McCain Takes 1st Class Train
Ben Armbruster, a Think Progress research associate, reports that the press is giving John McCain soft treatment because he invited some of them over for a barbecue recently. His evidence?
The Associated Press published an article this afternoon that focused solely on the fact that, even though he has access to a charter plane, McCain took a train from Washington D.C. to Philadelphia. More than that, the article praised him for it, calling him a “man of the people.” Yet two sentences later, the AP included a detail of the trip that completely undermines that claim:
John McCain traveled like a man of the people Friday morning, riding an Amtrak train to Philadelphia after a late night of voting in Washington.
“Nice to see you, nice to see you,” McCain said to workers and passengers who greeted him on the 8 a.m. high-speed Acela Express train.
McCain, accompanied by a campaign aide, was left alone by the public as he sat in the first-class car for much of the 1 1/2 hour trip. [Emphases all in original.]
Having taken the Acela Express from DC to New York once upon a time, I can report that the 1st Class accommodations aren’t much to write home about. Nor are they, as is typical for air travel, expensive (which explains why we splurged).
Out of curiosity, I went to the Amtrac site to check out ticket pricing from DC to Philly (WAS to PHL, if you want to try it yourself) on a random Friday morning. It turns out that coach seats are very hard to come by if you’re booking early morning trips without much advanced notice; that’s especially true on the Acela trains, which run less frequently. Indeed, there were no coach seats for the morning of March 21st or March 28th.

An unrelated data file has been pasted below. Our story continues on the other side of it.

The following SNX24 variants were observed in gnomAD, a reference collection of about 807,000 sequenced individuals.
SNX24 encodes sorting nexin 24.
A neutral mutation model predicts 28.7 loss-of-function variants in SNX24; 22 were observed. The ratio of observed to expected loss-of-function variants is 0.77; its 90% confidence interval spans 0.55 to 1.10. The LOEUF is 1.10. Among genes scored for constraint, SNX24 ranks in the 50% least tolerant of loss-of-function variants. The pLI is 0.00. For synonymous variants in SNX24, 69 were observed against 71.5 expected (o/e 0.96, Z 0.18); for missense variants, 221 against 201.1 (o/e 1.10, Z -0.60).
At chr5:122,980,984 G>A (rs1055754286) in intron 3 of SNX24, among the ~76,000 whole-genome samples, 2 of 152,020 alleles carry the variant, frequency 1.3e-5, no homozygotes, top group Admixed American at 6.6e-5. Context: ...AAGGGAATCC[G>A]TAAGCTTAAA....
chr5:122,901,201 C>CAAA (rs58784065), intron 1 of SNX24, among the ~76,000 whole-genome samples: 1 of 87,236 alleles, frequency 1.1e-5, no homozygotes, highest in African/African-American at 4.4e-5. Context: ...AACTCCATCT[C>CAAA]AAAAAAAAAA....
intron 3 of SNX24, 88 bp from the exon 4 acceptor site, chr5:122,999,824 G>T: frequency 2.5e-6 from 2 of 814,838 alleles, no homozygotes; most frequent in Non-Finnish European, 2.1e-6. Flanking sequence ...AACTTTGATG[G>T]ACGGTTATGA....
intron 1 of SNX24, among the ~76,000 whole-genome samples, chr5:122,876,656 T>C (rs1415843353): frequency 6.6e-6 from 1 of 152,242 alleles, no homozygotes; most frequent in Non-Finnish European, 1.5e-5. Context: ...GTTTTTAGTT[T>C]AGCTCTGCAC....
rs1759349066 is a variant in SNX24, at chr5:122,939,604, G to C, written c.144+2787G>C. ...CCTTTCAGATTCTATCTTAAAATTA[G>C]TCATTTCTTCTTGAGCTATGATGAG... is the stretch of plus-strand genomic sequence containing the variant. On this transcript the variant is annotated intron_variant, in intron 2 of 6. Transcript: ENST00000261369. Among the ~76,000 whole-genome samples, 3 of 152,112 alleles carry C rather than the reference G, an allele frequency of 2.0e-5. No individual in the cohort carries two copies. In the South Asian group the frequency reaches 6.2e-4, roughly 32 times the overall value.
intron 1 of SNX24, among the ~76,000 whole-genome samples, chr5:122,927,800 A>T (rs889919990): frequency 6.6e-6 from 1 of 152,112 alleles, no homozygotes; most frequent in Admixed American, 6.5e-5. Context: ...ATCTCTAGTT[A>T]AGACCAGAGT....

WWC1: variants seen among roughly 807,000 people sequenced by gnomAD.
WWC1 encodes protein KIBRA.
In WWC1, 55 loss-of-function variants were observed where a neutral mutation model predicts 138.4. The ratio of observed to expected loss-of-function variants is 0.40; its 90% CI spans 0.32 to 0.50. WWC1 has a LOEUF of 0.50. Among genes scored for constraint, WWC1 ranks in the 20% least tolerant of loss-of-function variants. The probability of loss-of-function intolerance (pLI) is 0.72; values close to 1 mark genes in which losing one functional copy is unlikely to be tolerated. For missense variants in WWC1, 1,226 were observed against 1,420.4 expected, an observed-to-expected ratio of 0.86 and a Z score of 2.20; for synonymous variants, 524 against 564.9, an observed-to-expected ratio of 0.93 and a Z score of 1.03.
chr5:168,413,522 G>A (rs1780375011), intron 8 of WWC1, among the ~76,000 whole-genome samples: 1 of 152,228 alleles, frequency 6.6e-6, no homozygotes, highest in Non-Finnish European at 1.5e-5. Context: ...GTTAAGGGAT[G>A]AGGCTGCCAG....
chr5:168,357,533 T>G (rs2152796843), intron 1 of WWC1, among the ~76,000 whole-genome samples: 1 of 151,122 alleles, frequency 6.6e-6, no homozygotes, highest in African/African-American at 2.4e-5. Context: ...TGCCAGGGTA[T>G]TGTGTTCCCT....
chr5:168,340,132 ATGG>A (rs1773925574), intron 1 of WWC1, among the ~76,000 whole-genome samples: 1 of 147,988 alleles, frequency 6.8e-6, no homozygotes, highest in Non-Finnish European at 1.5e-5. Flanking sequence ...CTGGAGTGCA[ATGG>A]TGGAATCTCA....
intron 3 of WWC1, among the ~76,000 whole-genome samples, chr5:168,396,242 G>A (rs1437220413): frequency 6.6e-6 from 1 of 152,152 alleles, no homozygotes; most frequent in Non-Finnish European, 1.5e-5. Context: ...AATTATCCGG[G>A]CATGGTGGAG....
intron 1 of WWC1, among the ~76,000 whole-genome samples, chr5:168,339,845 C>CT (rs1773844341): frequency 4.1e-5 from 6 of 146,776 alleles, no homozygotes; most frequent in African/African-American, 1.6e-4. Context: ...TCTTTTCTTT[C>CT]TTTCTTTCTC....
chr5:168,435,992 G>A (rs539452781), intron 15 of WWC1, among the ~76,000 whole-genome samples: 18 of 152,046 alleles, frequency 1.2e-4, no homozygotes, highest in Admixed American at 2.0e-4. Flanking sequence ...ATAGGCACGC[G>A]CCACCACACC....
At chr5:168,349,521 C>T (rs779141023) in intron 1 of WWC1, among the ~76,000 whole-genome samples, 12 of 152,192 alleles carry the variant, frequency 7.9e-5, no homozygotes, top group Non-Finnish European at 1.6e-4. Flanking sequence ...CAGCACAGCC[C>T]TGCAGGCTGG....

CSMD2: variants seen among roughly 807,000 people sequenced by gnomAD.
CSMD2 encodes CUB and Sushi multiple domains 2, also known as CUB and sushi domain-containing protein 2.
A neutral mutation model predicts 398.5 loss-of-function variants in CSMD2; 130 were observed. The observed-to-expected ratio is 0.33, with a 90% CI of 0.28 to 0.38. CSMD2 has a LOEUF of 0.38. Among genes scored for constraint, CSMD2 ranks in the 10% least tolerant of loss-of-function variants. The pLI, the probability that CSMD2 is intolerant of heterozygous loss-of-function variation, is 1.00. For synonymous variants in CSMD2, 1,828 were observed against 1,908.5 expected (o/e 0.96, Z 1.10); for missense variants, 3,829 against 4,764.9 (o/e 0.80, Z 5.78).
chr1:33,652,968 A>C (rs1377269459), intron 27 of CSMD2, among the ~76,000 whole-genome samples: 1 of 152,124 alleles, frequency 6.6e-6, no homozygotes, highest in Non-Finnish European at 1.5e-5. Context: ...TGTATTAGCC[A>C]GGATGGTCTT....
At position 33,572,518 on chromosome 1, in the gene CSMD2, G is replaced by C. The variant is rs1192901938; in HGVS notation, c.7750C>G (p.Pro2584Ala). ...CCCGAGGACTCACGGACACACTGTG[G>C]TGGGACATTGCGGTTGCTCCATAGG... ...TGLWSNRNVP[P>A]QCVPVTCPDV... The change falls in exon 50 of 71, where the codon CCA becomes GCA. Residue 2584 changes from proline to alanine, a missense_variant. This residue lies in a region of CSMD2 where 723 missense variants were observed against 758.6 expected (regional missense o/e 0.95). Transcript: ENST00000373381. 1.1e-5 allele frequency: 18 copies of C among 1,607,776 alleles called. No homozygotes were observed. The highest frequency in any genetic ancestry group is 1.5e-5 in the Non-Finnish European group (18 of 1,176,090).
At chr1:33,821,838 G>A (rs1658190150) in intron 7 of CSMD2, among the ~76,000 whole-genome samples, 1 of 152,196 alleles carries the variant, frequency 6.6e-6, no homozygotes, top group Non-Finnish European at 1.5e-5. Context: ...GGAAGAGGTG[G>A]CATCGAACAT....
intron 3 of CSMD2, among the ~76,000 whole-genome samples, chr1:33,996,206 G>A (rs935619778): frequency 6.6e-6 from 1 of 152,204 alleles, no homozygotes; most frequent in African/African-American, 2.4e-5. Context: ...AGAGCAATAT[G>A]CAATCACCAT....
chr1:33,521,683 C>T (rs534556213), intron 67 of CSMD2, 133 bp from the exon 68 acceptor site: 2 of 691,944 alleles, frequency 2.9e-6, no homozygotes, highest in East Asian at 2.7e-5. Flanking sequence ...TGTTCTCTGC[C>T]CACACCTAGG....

One-way business class for an 8 a.m. departure the 21st will set you back $122. At 9 a.m. the 28th, $137. In both cases, the 1st Class upgrade is $69. You hardly have to be Bill Gates to afford that.
While it’s silly to classify McCain as a “man of the people” for traveling by train — or perhaps period given his relative wealth — it strikes me that Libby Quaid was simply saying that he was out mingling with the people rather than cloistered away on a private plane as is customary for someone in his position. Indeed, “traveled like a man of the people Friday morning” seems to suggest that he doesn’t travel that way otherwise; it’s virtually a simile.
My Ruckus colleague Oliver Willis takes Armbruster a step further: “The biggest obstacle to a national conversation in the election this fall will be the way in which the mainstream media will run interference for John McCain.” Barack Obama is welcome to host barbecues and grant reporters the level of access McCain has. Indeed, I’d welcome it. There are serious risks to that much exposure. But, undoubtedly, there are rewards.